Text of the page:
By Chet Babla, SVP Strategic Marketing
With driver assistance and driving automation requiring multiple sensors and real-time processing, ADAS electrical and electronic system architectures will be challenged by scalability.
The societal benefits of greater driver, passenger and road user safety are well understood and documented, and indeed governments are increasingly regulating the need for advanced driver assistance systems (ADAS) in new vehicles (see example). In addition to the obvious human impact of safety systems, a recent McKinsey report estimates that ADAS already represents a $55-70 billion revenue opportunity today, and in combination with autonomous driving (AD) could collectively represent a $300-$400 billion revenue by 2035 (see figure 1).
Figure 1 – ADAS and AD revenues in $ billions (source McKinsey Center for Future Mobility)
To support the functionality and safety goals needed for higher levels of automation, the number of sensors on the vehicle and the ability to process data in real-time, will need to increase greatly (refer to our blog In Pursuit of the Uncrashable Car).
Both ADAS and AD leverage various sensor modalities (including computer vision, ultrasonic, radar and LiDAR; see also our Blog discussing these) to gather and process data about the vehicle’s exterior and interior environment.
In terms of ADAS sensing, multiple trade-offs exist. For example, radar provides good sensing ability of objects crossing or coming into a vehicle’s path across a range of weather conditions but has limited depth precision and object recognition capability. Conversely, cameras are extremely capable for object recognition in the same way vision sensing is for humans but have poor performance in adverse weather or lighting conditions. And while LiDAR excels in range and depth precision, and is unaffected in poor lighting, it may be impeded by heavy rain or fog.
Dissecting the Sensing System Architecture
Moreover, the need for sensor fusion – combining the information from different sensor modalities – is well recognized as critical for enhanced perception and decision-making capability.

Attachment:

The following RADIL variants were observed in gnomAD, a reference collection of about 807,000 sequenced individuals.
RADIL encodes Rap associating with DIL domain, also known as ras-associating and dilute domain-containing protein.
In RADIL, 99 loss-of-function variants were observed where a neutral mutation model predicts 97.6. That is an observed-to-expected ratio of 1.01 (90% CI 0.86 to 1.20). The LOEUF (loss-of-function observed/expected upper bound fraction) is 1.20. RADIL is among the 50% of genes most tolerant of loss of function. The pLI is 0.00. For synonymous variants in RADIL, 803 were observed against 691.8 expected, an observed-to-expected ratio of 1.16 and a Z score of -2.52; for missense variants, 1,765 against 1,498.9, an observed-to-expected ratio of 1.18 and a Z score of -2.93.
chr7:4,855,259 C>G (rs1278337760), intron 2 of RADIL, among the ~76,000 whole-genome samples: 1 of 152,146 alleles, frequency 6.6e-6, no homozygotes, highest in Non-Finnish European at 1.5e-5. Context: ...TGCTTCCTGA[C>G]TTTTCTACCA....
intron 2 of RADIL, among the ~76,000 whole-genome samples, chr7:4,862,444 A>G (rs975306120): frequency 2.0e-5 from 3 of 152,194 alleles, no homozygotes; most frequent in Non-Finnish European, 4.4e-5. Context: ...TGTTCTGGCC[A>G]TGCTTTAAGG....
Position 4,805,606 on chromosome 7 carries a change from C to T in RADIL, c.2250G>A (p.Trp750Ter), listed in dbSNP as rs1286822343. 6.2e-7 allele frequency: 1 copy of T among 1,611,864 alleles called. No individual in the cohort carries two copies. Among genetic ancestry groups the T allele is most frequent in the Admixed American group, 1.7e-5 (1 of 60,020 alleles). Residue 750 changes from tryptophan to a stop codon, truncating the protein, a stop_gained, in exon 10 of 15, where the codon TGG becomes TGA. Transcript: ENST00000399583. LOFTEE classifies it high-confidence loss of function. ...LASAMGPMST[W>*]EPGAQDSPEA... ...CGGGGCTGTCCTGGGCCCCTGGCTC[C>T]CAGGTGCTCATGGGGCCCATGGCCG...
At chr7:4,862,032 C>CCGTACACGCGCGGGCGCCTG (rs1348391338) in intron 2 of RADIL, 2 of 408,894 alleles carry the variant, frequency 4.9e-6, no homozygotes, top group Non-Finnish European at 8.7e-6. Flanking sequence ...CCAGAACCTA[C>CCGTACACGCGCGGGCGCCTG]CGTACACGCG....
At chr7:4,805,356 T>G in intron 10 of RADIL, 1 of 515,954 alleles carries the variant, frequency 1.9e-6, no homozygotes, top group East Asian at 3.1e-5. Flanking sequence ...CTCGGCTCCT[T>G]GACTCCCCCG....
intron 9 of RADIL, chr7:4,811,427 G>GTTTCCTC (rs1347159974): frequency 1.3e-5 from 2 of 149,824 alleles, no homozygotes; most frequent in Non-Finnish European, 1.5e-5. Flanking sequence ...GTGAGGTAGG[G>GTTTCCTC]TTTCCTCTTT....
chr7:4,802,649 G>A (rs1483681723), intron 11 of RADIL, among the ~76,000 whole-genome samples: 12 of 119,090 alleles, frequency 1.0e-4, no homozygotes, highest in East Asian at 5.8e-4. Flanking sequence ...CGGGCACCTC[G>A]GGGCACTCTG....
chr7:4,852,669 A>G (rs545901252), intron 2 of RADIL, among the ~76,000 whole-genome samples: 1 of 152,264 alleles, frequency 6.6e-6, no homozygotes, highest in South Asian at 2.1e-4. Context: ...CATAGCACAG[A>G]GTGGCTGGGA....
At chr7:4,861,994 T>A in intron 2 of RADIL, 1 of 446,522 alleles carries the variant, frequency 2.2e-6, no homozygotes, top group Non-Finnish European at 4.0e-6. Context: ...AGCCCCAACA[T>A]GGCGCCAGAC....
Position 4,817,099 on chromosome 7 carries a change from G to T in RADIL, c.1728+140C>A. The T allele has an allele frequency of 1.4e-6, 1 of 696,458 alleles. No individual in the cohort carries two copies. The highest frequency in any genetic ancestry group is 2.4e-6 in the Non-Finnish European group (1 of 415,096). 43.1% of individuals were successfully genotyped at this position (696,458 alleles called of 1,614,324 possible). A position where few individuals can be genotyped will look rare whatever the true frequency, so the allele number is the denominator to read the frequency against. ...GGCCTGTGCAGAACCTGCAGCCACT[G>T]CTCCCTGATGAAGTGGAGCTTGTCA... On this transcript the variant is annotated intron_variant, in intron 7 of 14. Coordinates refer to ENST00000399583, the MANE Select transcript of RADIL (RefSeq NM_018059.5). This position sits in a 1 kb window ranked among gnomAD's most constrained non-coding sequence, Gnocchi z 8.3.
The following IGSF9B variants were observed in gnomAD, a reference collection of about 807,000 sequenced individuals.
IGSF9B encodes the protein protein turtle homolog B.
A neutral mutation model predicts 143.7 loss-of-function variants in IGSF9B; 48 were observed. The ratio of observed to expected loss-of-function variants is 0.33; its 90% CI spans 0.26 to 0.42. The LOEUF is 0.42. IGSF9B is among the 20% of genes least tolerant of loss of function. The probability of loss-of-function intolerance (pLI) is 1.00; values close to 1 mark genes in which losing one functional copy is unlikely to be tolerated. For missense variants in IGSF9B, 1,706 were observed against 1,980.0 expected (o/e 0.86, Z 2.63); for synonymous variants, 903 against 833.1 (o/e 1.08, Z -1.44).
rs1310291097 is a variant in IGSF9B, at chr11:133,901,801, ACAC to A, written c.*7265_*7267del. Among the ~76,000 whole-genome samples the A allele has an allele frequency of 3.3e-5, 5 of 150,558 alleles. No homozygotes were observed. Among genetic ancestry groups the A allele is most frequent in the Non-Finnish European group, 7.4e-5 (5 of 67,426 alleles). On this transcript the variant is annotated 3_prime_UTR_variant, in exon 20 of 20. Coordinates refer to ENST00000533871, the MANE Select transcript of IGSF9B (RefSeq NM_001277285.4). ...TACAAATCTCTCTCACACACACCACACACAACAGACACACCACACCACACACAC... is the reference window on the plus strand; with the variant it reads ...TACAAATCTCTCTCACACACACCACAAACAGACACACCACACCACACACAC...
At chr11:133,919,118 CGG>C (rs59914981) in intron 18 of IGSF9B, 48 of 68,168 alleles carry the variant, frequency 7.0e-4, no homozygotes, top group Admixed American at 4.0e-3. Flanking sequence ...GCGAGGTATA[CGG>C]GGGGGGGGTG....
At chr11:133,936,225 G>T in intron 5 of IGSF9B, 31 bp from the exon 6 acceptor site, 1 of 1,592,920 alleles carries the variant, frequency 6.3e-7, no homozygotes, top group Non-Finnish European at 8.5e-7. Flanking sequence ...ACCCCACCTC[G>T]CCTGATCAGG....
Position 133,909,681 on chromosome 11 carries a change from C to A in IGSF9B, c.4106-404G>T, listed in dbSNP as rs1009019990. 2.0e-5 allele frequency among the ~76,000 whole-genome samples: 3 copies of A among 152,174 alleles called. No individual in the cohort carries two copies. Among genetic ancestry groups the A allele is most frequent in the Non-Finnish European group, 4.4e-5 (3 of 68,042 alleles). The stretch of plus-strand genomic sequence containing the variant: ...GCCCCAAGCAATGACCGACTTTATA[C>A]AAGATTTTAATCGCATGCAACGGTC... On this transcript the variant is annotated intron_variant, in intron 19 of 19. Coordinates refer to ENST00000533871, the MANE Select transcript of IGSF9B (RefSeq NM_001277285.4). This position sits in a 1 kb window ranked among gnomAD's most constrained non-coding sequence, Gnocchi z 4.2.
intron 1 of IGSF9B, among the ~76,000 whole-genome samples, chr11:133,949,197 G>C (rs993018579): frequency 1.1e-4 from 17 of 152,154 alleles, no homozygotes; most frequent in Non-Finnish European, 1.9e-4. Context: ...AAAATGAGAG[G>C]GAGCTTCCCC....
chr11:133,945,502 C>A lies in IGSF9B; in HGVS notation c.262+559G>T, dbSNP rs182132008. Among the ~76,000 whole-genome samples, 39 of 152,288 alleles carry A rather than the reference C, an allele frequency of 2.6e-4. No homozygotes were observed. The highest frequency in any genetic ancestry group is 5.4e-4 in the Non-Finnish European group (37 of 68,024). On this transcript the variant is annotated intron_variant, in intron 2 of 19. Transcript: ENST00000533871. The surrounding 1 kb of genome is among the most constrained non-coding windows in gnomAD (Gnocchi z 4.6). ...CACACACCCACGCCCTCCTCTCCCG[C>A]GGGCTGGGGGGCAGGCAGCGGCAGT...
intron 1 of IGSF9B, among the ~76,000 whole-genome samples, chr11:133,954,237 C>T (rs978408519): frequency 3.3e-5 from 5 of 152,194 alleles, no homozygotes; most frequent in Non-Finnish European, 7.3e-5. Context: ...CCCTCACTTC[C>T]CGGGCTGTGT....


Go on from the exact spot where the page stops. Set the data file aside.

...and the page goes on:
The sensing system architecture is therefore a critical factor in the overall achievable ADAS and automation level capability and determining the practical constraints that will be imposed upon the system designer in terms of power, size, and cost. A recently published article (‘How Many Sensors For Autonomous Driving?’) reviews some of these sensor considerations and challenges, and observes:
“When finally implemented, Level 3 autonomous driving may require 30+ sensors, or a dozen cameras, depending upon an OEM’s architecture.”
This sensor proliferation is a challenge not just affecting Level 3 automation. Indeed, several premium vehicles already feature upwards of 30 sensors across multiple modalities for Level 2 and 2+ ADAS capability. Consider the case of camera sensing. Robust and real-time object detection of lane markings, traffic signs, pedestrians etc., requires multiple cameras with up to 12-megapixel resolution. These sensors will generate large quantities of imaging data that needs to be transported and processed and, depending upon the ADAS electrical and electronic (E/E) processing architecture, may lead to data bottlenecks and other significant system design challenges.
Another recent McKinsey article explores through a series of hypotheses the growing trends in automotive E/E architectures – including factors driving hardware consolidation into fewer electronic control units (ECU) leveraging monolithic silicon integration – and captures many of the key industry drivers for architectural change. In addition to the McKinsey article’s observations, there has been a growing narrative over the last few years that a “Central Compute” ADAS architecture will ultimately become the de facto industry approach. This narrative has especially been supported by some entrant ‘clean sheet architecture’ EV-only players, Robotaxi companies and premium class-only OEMs – all having either no legacy platforms or only a very small number of platforms to support. However, indie believes that while vehicle ECU consolidation is absolutely the right direction for the industry, the Central Compute ADAS architecture assertion cannot be applied as a one-size-fits-all as it overlooks the needs of the majority of OEMs for vehicle platform scalability. Scalability is better achieved through a “Distributed Intelligence” ADAS architectural approach.